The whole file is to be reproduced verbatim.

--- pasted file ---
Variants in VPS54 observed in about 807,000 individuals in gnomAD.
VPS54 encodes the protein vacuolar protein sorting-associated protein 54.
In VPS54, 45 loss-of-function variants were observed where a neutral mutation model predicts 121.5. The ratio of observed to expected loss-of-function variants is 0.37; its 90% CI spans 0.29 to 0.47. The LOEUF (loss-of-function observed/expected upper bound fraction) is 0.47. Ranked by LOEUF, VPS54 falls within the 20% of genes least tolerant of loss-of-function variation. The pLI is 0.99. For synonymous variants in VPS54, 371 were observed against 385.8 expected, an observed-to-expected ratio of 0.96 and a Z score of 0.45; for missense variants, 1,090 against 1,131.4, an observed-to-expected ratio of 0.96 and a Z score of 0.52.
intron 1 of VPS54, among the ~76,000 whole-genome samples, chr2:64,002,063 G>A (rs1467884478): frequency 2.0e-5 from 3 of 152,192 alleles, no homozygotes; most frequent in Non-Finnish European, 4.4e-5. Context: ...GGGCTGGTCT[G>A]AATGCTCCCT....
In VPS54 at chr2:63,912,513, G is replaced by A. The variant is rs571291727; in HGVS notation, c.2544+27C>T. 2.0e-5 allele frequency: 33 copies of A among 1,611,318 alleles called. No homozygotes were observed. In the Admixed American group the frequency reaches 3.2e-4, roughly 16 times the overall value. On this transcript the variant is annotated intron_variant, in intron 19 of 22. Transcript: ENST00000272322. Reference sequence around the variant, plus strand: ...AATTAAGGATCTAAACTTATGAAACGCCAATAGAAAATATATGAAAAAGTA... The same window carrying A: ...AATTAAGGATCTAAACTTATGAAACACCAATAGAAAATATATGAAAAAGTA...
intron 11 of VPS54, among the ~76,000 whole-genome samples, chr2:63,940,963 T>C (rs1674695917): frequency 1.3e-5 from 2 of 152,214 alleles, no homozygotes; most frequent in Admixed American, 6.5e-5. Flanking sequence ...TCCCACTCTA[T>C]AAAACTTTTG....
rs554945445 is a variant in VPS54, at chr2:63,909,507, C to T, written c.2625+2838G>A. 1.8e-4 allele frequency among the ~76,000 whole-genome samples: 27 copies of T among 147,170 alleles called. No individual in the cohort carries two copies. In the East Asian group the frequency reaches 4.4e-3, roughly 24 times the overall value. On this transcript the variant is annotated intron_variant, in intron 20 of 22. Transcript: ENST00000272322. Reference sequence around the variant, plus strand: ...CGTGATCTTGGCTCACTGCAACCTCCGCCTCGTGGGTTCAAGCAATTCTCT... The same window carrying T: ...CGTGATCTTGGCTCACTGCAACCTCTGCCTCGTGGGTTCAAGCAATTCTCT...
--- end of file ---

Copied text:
Variants in VPS54 observed in about 807,000 individuals in gnomAD.
VPS54 encodes the protein vacuolar protein sorting-associated protein 54.
In VPS54, 45 loss-of-function variants were observed where a neutral mutation model predicts 121.5. The ratio of observed to expected loss-of-function variants is 0.37; its 90% CI spans 0.29 to 0.47. The LOEUF (loss-of-function observed/expected upper bound fraction) is 0.47. Ranked by LOEUF, VPS54 falls within the 20% of genes least tolerant of loss-of-function variation. The pLI is 0.99. For synonymous variants in VPS54, 371 were observed against 385.8 expected, an observed-to-expected ratio of 0.96 and a Z score of 0.45; for missense variants, 1,090 against 1,131.4, an observed-to-expected ratio of 0.96 and a Z score of 0.52.
intron 1 of VPS54, among the ~76,000 whole-genome samples, chr2:64,002,063 G>A (rs1467884478): frequency 2.0e-5 from 3 of 152,192 alleles, no homozygotes; most frequent in Non-Finnish European, 4.4e-5. Context: ...GGGCTGGTCT[G>A]AATGCTCCCT....
In VPS54 at chr2:63,912,513, G is replaced by A. The variant is rs571291727; in HGVS notation, c.2544+27C>T. 2.0e-5 allele frequency: 33 copies of A among 1,611,318 alleles called. No homozygotes were observed. In the Admixed American group the frequency reaches 3.2e-4, roughly 16 times the overall value. On this transcript the variant is annotated intron_variant, in intron 19 of 22. Transcript: ENST00000272322. Reference sequence around the variant, plus strand: ...AATTAAGGATCTAAACTTATGAAACGCCAATAGAAAATATATGAAAAAGTA... The same window carrying A: ...AATTAAGGATCTAAACTTATGAAACACCAATAGAAAATATATGAAAAAGTA...
intron 11 of VPS54, among the ~76,000 whole-genome samples, chr2:63,940,963 T>C (rs1674695917): frequency 1.3e-5 from 2 of 152,214 alleles, no homozygotes; most frequent in Admixed American, 6.5e-5. Flanking sequence ...TCCCACTCTA[T>C]AAAACTTTTG....
rs554945445 is a variant in VPS54, at chr2:63,909,507, C to T, written c.2625+2838G>A. 1.8e-4 allele frequency among the ~76,000 whole-genome samples: 27 copies of T among 147,170 alleles called. No individual in the cohort carries two copies. In the East Asian group the frequency reaches 4.4e-3, roughly 24 times the overall value. On this transcript the variant is annotated intron_variant, in intron 20 of 22. Transcript: ENST00000272322. Reference sequence around the variant, plus strand: ...CGTGATCTTGGCTCACTGCAACCTCCGCCTCGTGGGTTCAAGCAATTCTCT... The same window carrying T: ...CGTGATCTTGGCTCACTGCAACCTCTGCCTCGTGGGTTCAAGCAATTCTCT...